Artistic notecards by Jodi Beals keep people connected and fight COVID-19.

20 percent of the proceeds will be donated to the CDC Foundation.

Jodi Beals describes herself as an energetic people person with a commitment to career, community and hands-on artistry. That explains how she came up with the idea for her latest project — note cards.

“I love art, and I painted a colorful heart design with acrylics on canvas,” Beals told the Jewish News.

Although Beals has lived in Chicago for almost eight years and works as a business development director for Groupon, she decided to return to West Bloomfield to social distance near family, remotely completing full-time job responsibilities. At the same time, she decided to turn her colorful painting of heart designs into stationery that can connect others one-to-one, bring in extra income and raise funds for the CDC Foundation, which supports the Centers for Disease Control and Prevention in combating COVID-19.

“I had the design transferred to cardstock to be used for postcards or multi-purpose cards to be mailed on birthdays, as invitations or simply notes that send messages of love at a time when we can’t be together,” she said.

Beals will donate 20 percent of proceeds to the CDC Foundation.

Artistic notecards by Jodi Beals keep people connected and fight COVID-19.
Courtesy of Jodi Beals

“My interest in art began when I was a little girl visiting my great-grandfather Abraham Lack,” Beals, 36, recalled. “He was a wonderful artist who began this hobby in his 80s, and his walls were covered with landscapes and still lifes.”

Impressed with what he’d done, Beals tried artistry of her own. “I turned to the abstract for some different kinds of images, and my downtown apartment walls display my designs that I think provide a contemporary decor.”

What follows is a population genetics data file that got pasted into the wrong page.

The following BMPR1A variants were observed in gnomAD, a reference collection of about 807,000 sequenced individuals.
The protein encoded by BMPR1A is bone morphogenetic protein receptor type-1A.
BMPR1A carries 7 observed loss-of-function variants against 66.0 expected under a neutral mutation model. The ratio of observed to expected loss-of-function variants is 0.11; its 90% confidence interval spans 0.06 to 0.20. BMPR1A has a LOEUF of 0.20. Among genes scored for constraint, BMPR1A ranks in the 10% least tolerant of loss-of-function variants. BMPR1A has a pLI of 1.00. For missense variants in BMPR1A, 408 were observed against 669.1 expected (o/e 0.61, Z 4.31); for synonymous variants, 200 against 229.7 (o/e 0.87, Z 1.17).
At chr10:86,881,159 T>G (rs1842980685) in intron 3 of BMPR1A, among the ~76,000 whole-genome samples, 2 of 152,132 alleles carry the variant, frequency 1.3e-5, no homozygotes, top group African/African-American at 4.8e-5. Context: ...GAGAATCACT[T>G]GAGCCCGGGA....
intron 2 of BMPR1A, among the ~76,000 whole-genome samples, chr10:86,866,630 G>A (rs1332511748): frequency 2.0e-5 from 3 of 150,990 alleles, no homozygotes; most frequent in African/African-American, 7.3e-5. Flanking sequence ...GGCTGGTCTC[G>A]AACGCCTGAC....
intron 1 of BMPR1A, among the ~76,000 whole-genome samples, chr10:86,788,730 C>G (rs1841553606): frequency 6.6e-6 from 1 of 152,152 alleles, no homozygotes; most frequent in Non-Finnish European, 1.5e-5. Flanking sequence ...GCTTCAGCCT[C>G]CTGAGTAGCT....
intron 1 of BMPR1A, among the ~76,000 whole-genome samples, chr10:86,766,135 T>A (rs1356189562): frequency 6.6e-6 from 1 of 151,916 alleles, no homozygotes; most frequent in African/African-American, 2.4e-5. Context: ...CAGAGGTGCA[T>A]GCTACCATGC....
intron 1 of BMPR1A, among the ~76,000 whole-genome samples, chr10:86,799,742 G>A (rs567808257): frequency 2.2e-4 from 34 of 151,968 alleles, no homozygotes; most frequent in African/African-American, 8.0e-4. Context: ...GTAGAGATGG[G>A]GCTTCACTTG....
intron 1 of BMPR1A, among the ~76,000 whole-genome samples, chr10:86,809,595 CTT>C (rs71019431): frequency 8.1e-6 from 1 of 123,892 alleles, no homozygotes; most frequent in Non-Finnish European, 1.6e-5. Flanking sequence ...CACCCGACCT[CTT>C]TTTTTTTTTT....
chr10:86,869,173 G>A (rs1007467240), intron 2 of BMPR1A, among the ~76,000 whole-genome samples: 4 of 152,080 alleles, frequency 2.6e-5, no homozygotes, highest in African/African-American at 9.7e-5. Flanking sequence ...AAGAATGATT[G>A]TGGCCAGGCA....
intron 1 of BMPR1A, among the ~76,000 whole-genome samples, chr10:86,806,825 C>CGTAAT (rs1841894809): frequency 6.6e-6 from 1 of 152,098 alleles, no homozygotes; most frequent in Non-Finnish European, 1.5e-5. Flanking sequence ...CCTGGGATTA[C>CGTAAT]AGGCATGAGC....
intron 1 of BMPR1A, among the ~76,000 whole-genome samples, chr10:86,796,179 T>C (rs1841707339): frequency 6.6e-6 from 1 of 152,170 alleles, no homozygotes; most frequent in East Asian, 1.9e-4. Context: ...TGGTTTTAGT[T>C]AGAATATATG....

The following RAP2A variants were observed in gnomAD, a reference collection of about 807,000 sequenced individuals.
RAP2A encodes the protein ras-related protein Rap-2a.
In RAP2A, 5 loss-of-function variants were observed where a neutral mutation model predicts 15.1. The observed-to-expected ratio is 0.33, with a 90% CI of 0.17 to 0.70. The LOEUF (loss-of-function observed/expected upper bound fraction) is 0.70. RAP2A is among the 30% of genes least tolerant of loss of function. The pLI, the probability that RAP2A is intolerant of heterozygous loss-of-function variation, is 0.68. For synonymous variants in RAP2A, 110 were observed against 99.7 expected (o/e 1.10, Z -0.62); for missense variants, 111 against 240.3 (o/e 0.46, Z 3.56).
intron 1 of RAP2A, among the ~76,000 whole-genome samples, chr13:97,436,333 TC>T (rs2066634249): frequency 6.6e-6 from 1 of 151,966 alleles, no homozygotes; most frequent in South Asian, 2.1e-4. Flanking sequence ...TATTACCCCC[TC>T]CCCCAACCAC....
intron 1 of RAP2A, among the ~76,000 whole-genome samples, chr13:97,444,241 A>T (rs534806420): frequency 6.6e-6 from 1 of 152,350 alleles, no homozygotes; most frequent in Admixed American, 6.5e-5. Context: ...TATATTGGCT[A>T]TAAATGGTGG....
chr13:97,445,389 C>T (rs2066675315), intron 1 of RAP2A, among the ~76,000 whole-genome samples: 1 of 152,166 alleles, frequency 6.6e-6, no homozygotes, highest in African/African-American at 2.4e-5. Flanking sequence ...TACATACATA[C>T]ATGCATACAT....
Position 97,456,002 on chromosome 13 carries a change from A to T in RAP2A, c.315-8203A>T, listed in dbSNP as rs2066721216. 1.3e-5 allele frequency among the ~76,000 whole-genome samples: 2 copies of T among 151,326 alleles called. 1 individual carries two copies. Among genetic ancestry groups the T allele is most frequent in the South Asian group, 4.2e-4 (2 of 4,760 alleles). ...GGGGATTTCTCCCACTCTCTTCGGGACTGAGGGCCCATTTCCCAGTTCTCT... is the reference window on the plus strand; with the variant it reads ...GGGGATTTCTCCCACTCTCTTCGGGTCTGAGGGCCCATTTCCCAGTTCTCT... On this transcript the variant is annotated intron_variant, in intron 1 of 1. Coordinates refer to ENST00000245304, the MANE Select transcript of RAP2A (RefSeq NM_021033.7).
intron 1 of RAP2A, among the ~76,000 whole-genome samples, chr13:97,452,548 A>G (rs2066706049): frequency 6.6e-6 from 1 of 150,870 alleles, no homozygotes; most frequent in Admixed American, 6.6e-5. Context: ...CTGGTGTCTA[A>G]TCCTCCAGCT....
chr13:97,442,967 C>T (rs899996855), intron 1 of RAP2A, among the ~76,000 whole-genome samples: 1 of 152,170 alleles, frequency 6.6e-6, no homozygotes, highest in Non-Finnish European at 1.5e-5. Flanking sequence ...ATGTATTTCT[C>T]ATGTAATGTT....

Artistic notecards by Jodi Beals keep people connected and fight COVID-19.
Jodi Beals

Beals attended Hillel Day School and West Bloomfield High School before going on to graduate from Michigan State University, where she majored in communication. She had her bat mitzvah at the synagogue now known as Congregation Beth Ahm and joined in activities with the Jewish Federation of Metropolitan Detroit.

“I have almost 3,000 friends on Facebook, and so many have been responsive to my postings about these cards,” Beals said. “I’m reconnecting with people I haven’t talked to in a long time, and I’m so glad that they want to support this project.”

The cards come in packages of 50 without envelopes and cost $30. They can be ordered by calling Beals at her customized phone number, 866.REDHAIR, or sending her an email at Payments can be made through PayPal or Venmo.

“Orders for these cards have brought me a special bonus,” Beals said. “Delivering nearby orders allows me some fresh air. I leave the packages on porches so there’s no person-to-person contact. The person-to-person connections are meant for the handwritten cards.”